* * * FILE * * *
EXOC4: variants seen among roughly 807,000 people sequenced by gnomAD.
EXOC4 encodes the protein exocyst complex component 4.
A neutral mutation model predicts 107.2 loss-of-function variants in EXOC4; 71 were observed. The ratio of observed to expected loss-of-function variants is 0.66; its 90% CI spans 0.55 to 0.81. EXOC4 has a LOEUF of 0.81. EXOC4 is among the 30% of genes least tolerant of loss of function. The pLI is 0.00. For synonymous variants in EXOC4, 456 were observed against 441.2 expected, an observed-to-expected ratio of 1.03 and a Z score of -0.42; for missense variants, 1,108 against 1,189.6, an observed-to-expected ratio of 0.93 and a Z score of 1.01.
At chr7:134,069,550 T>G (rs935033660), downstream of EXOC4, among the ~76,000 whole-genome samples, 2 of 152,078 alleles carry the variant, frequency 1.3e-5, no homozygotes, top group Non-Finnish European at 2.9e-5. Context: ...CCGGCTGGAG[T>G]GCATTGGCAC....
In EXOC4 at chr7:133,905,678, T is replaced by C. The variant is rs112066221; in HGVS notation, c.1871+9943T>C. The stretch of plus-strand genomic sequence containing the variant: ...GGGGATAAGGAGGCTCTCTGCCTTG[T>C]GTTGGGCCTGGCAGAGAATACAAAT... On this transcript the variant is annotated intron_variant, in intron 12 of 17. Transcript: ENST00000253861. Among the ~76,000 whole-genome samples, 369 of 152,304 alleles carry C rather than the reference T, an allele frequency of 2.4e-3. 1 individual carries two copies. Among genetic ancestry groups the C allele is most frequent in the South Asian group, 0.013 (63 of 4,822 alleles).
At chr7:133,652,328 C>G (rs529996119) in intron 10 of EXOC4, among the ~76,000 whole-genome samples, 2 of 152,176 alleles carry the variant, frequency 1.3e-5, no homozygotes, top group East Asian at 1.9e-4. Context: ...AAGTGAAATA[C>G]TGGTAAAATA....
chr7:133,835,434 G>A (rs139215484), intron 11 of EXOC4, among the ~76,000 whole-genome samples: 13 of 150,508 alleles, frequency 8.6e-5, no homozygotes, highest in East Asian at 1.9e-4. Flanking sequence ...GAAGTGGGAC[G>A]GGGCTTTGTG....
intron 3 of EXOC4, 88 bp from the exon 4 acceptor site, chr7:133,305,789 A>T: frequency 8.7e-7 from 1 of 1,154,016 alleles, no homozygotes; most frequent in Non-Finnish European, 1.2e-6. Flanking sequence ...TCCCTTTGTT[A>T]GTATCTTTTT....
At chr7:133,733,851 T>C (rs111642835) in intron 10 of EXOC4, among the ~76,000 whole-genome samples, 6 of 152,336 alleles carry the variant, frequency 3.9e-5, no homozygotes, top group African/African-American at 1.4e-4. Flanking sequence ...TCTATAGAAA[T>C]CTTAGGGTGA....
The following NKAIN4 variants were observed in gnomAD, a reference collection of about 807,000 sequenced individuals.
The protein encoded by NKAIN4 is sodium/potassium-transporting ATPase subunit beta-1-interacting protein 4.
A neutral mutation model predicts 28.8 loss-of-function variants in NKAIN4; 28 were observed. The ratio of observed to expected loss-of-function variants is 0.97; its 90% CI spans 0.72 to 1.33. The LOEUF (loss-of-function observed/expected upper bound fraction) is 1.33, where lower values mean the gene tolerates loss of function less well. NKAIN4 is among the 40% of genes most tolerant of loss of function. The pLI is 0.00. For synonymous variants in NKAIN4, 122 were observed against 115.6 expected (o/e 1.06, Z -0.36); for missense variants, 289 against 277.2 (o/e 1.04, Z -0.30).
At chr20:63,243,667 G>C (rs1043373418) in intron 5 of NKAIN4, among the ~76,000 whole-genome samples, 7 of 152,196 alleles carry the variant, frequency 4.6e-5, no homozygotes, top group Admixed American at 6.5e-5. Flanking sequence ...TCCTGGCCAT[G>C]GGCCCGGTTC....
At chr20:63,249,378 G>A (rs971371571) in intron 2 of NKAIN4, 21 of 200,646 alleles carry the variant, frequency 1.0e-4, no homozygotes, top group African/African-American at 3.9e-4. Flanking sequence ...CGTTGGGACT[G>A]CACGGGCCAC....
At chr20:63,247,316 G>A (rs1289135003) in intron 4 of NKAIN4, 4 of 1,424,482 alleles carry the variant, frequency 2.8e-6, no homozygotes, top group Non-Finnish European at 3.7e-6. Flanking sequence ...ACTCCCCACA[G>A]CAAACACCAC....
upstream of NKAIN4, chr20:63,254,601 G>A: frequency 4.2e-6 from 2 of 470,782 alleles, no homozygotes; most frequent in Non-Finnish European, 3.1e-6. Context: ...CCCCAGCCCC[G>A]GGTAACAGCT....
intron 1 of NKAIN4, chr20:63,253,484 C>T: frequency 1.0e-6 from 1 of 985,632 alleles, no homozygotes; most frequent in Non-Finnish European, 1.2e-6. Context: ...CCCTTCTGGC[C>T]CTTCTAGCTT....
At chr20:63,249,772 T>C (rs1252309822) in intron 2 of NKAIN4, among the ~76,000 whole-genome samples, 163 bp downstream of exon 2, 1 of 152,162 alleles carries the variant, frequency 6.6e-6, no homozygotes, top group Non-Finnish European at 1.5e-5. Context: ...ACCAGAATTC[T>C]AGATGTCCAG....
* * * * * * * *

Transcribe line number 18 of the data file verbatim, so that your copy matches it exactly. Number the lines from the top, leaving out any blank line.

At chr20:63,249,772 T>C (rs1252309822) in intron 2 of NKAIN4, among the ~76,000 whole-genome samples, 163 bp downstream of exon 2, 1 of 152,162 alleles carries the variant, frequency 6.6e-6, no homozygotes, top group Non-Finnish European at 1.5e-5. Context: ...ACCAGAATTC[T>C]AGATGTCCAG....